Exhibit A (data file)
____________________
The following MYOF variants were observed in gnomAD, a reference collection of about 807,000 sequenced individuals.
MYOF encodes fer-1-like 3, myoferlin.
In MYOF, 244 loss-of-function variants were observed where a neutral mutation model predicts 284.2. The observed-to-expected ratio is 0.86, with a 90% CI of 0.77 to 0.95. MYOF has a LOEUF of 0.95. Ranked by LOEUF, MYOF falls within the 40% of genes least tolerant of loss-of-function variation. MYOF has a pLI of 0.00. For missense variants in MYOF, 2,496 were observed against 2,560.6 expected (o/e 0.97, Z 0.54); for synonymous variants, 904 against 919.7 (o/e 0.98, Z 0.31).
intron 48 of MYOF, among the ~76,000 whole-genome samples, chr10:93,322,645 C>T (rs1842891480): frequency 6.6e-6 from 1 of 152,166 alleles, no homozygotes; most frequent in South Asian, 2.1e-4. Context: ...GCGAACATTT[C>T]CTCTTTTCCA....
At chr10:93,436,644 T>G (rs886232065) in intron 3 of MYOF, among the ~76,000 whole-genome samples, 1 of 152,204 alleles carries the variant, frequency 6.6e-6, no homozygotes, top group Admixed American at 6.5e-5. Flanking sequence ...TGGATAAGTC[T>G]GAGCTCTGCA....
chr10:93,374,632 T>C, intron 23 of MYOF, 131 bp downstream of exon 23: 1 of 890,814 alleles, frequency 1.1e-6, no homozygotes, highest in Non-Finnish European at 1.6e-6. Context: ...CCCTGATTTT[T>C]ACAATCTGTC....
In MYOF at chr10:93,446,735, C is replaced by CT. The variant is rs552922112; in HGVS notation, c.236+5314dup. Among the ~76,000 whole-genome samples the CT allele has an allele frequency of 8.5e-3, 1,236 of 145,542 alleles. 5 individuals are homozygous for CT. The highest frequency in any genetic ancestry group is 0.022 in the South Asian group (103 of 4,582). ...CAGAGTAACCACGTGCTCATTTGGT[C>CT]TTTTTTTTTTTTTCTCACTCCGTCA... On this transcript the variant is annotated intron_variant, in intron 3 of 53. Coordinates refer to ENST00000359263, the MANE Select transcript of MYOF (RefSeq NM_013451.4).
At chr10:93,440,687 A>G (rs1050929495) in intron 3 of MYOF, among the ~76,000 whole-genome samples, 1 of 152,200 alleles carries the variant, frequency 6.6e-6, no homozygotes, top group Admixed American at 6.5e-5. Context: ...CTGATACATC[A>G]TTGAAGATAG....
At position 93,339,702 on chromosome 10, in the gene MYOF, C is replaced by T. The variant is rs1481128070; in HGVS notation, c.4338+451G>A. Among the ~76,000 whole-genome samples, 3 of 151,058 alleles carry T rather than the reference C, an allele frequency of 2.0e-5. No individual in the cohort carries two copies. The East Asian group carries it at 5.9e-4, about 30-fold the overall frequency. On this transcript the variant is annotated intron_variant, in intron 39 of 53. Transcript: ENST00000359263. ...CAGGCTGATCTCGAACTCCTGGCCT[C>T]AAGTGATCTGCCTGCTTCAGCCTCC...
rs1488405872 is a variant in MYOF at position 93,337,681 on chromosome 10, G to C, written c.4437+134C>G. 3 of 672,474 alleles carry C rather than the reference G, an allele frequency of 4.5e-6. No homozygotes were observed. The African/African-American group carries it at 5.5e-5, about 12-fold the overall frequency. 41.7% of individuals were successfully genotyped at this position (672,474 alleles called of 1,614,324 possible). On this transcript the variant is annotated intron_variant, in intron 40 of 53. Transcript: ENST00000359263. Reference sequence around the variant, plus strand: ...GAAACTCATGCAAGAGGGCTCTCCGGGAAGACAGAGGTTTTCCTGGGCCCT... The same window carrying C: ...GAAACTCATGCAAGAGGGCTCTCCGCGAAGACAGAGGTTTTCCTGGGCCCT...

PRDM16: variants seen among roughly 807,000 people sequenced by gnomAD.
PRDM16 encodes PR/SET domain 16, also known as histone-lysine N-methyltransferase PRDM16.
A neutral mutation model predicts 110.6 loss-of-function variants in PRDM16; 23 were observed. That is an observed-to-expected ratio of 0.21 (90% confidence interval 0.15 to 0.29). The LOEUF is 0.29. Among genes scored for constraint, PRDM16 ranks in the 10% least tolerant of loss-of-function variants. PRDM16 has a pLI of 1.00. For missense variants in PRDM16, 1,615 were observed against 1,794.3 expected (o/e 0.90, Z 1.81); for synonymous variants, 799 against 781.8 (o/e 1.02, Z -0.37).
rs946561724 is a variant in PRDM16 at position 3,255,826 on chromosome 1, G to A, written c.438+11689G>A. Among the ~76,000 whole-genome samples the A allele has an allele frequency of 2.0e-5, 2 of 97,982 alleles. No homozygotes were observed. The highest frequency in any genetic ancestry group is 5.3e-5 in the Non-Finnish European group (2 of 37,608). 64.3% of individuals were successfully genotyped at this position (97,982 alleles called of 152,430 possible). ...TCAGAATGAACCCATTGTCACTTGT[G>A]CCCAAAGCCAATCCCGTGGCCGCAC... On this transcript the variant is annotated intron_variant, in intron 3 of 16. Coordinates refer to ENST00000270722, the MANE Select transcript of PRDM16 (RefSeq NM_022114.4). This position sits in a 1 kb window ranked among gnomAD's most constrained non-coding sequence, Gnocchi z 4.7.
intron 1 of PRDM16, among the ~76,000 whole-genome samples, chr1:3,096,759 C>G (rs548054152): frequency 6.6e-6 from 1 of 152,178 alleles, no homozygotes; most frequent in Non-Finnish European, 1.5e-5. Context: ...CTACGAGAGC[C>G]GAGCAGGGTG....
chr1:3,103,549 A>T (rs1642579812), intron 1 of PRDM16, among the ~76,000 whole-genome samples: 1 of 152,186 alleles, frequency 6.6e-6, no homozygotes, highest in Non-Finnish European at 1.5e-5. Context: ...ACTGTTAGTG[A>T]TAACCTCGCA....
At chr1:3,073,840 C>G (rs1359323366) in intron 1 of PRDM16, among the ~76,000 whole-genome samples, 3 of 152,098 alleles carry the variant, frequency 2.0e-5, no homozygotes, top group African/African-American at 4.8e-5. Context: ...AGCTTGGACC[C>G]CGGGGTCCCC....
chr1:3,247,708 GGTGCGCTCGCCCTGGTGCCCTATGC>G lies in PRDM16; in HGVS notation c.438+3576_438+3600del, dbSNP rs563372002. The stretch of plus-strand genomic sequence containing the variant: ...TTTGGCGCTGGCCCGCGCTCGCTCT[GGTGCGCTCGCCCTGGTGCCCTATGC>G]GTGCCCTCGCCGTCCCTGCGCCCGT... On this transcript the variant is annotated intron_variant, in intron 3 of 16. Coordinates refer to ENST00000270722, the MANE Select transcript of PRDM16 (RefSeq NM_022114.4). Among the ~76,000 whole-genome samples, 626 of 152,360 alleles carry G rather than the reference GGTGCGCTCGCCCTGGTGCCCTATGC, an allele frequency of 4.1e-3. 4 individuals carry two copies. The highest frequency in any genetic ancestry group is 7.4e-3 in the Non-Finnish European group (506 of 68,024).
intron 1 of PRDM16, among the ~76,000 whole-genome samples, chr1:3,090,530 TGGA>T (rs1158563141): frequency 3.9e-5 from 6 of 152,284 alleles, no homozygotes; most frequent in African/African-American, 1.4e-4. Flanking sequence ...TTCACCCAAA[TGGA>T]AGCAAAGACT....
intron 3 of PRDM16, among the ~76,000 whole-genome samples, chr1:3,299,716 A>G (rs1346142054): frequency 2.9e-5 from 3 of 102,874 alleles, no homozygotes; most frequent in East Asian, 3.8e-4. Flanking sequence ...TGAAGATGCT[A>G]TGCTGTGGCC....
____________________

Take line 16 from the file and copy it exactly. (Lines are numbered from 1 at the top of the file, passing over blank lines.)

chr1:3,103,549 A>T (rs1642579812), intron 1 of PRDM16, among the ~76,000 whole-genome samples: 1 of 152,186 alleles, frequency 6.6e-6, no homozygotes, highest in Non-Finnish European at 1.5e-5. Context: ...ACTGTTAGTG[A>T]TAACCTCGCA....